Because a single choice vote is only equal if there are two candidates in the race: otherwise the more similar candidates split votes, which disadvantages voters who like more candidates. Since voters are aware of this, today's current elections are effectively a top two already - one candidate each from the major parties. Although minor party and independent candidates can compete in today's General Election directly, they are unable to compete effectively in no small part because of the spoiler effect and the “don't waste your vote” phenomenon.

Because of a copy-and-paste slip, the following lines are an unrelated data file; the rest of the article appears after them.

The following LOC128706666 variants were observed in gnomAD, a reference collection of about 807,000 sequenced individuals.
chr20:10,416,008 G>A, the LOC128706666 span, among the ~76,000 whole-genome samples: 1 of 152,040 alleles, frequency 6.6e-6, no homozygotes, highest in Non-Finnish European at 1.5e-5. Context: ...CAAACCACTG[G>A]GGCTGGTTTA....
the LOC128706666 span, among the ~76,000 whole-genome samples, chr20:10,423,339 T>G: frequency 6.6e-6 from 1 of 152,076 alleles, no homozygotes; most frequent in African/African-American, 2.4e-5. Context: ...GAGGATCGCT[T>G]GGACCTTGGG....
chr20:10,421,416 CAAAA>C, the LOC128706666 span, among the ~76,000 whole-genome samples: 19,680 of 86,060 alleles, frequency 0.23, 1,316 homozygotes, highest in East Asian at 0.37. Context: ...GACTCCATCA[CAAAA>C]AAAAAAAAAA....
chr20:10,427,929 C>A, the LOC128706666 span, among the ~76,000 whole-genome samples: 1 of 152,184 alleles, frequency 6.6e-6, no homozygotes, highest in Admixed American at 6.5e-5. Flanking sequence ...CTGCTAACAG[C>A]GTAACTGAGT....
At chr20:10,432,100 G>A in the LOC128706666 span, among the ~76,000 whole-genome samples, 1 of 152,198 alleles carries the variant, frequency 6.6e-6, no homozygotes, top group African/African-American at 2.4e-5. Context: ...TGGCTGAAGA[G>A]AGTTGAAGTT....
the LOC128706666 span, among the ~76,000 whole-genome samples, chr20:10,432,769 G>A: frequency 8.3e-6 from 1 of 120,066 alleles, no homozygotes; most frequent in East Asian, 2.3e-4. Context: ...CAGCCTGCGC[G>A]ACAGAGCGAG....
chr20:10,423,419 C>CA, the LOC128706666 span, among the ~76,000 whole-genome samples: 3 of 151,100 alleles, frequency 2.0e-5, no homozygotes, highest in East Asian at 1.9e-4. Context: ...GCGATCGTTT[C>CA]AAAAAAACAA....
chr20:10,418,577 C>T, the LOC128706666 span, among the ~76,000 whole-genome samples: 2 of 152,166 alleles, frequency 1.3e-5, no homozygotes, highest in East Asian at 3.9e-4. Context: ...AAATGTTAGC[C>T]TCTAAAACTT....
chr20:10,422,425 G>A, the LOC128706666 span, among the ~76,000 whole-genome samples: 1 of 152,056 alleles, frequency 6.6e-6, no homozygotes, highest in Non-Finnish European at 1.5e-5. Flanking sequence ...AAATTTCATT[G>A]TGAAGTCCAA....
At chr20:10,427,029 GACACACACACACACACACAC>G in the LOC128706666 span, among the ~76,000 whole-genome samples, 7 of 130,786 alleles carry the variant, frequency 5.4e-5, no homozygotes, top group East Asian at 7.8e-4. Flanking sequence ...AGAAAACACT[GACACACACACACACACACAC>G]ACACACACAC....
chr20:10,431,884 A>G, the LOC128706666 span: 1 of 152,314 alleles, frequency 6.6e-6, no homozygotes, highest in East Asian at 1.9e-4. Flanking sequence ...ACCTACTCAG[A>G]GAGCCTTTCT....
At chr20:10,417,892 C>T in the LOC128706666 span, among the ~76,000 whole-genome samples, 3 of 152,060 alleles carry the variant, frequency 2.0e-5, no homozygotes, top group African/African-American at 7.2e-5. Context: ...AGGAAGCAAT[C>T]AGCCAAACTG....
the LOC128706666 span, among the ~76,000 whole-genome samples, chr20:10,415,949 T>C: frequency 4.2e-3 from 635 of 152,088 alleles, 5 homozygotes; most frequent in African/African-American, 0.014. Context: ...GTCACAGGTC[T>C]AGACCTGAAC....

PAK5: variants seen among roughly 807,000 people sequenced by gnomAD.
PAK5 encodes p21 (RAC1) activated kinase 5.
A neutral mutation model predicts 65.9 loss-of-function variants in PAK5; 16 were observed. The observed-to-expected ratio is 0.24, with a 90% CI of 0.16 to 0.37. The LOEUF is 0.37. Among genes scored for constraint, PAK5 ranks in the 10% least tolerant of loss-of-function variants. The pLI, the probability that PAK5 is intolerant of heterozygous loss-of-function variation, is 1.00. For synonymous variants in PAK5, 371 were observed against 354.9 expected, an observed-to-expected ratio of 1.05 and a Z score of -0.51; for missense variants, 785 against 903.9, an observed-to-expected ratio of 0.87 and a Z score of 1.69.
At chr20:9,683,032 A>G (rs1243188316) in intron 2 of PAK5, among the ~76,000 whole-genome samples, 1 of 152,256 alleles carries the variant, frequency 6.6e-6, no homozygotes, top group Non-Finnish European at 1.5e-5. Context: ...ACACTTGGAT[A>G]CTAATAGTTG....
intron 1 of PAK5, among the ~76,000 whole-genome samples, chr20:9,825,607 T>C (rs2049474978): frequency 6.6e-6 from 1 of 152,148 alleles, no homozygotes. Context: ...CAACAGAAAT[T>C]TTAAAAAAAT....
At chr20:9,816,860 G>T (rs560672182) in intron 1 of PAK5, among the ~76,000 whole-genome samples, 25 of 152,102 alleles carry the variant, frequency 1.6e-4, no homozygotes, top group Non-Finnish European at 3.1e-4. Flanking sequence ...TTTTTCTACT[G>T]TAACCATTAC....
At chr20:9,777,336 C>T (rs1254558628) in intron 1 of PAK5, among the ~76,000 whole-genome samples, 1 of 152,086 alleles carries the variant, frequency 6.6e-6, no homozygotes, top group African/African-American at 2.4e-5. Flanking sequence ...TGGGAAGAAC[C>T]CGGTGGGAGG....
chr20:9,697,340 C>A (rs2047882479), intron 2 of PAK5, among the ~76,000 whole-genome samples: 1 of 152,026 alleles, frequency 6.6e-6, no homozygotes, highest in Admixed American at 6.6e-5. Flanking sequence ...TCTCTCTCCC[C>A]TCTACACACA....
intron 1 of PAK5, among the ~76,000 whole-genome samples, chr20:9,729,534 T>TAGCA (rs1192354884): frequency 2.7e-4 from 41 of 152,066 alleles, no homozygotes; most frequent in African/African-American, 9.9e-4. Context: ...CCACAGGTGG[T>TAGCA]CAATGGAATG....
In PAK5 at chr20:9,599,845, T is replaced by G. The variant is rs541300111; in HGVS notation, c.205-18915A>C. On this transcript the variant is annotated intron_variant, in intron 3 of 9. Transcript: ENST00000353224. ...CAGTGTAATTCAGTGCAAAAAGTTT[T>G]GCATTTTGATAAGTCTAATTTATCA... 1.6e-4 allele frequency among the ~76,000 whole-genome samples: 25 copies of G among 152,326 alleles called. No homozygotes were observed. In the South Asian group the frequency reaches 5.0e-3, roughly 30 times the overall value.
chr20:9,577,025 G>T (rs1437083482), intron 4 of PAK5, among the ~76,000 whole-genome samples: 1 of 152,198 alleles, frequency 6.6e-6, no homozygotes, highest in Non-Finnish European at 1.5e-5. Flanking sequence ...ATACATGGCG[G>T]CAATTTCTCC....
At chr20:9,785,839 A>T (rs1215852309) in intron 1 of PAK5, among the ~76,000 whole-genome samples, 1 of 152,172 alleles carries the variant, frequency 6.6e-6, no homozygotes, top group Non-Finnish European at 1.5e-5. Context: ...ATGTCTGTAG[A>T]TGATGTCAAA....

From the candidate’s perspective, this is also a benefit. Each candidate has one clear opponent for the General Election against whom to compete and differentiate, versus an uncertain field of disproportionately aligned opponents.